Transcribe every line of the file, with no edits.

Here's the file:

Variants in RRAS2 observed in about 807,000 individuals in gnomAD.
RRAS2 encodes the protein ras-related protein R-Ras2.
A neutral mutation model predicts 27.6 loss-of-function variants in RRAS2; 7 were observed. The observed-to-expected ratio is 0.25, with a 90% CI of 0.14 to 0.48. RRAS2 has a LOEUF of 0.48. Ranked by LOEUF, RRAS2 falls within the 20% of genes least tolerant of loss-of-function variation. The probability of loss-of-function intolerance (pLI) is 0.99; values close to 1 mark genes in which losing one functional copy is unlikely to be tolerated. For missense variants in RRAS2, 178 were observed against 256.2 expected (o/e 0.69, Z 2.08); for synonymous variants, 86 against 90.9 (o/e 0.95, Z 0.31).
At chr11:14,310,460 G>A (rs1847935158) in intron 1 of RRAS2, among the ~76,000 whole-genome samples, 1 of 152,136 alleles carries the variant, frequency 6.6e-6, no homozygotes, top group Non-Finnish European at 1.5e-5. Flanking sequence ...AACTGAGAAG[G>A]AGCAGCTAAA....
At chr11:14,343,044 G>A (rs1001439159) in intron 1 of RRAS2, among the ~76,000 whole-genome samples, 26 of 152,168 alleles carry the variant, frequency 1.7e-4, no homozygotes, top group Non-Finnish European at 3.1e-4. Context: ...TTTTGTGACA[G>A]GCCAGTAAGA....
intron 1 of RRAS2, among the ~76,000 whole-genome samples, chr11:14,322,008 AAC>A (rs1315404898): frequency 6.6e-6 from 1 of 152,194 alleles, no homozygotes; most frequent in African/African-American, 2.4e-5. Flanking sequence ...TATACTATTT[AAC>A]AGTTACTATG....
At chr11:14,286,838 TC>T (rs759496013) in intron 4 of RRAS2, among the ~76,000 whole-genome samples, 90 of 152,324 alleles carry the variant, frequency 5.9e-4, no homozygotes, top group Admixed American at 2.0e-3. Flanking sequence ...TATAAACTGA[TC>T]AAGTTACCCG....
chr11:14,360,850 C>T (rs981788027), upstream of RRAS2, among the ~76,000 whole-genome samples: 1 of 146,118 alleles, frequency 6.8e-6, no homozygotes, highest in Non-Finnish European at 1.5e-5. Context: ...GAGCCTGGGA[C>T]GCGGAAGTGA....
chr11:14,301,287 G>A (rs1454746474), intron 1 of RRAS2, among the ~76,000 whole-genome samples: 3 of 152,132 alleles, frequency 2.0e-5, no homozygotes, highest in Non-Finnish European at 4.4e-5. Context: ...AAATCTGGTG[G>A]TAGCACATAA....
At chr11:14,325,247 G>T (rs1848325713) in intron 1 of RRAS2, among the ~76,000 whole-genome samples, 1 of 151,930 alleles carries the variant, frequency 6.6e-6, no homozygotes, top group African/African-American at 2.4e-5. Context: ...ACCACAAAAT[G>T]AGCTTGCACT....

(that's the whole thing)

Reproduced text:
Variants in RRAS2 observed in about 807,000 individuals in gnomAD.
RRAS2 encodes the protein ras-related protein R-Ras2.
A neutral mutation model predicts 27.6 loss-of-function variants in RRAS2; 7 were observed. The observed-to-expected ratio is 0.25, with a 90% CI of 0.14 to 0.48. RRAS2 has a LOEUF of 0.48. Ranked by LOEUF, RRAS2 falls within the 20% of genes least tolerant of loss-of-function variation. The probability of loss-of-function intolerance (pLI) is 0.99; values close to 1 mark genes in which losing one functional copy is unlikely to be tolerated. For missense variants in RRAS2, 178 were observed against 256.2 expected (o/e 0.69, Z 2.08); for synonymous variants, 86 against 90.9 (o/e 0.95, Z 0.31).
At chr11:14,310,460 G>A (rs1847935158) in intron 1 of RRAS2, among the ~76,000 whole-genome samples, 1 of 152,136 alleles carries the variant, frequency 6.6e-6, no homozygotes, top group Non-Finnish European at 1.5e-5. Flanking sequence ...AACTGAGAAG[G>A]AGCAGCTAAA....
At chr11:14,343,044 G>A (rs1001439159) in intron 1 of RRAS2, among the ~76,000 whole-genome samples, 26 of 152,168 alleles carry the variant, frequency 1.7e-4, no homozygotes, top group Non-Finnish European at 3.1e-4. Context: ...TTTTGTGACA[G>A]GCCAGTAAGA....
intron 1 of RRAS2, among the ~76,000 whole-genome samples, chr11:14,322,008 AAC>A (rs1315404898): frequency 6.6e-6 from 1 of 152,194 alleles, no homozygotes; most frequent in African/African-American, 2.4e-5. Flanking sequence ...TATACTATTT[AAC>A]AGTTACTATG....
At chr11:14,286,838 TC>T (rs759496013) in intron 4 of RRAS2, among the ~76,000 whole-genome samples, 90 of 152,324 alleles carry the variant, frequency 5.9e-4, no homozygotes, top group Admixed American at 2.0e-3. Flanking sequence ...TATAAACTGA[TC>T]AAGTTACCCG....
chr11:14,360,850 C>T (rs981788027), upstream of RRAS2, among the ~76,000 whole-genome samples: 1 of 146,118 alleles, frequency 6.8e-6, no homozygotes, highest in Non-Finnish European at 1.5e-5. Context: ...GAGCCTGGGA[C>T]GCGGAAGTGA....
chr11:14,301,287 G>A (rs1454746474), intron 1 of RRAS2, among the ~76,000 whole-genome samples: 3 of 152,132 alleles, frequency 2.0e-5, no homozygotes, highest in Non-Finnish European at 4.4e-5. Context: ...AAATCTGGTG[G>A]TAGCACATAA....
At chr11:14,325,247 G>T (rs1848325713) in intron 1 of RRAS2, among the ~76,000 whole-genome samples, 1 of 151,930 alleles carries the variant, frequency 6.6e-6, no homozygotes, top group African/African-American at 2.4e-5. Context: ...ACCACAAAAT[G>T]AGCTTGCACT....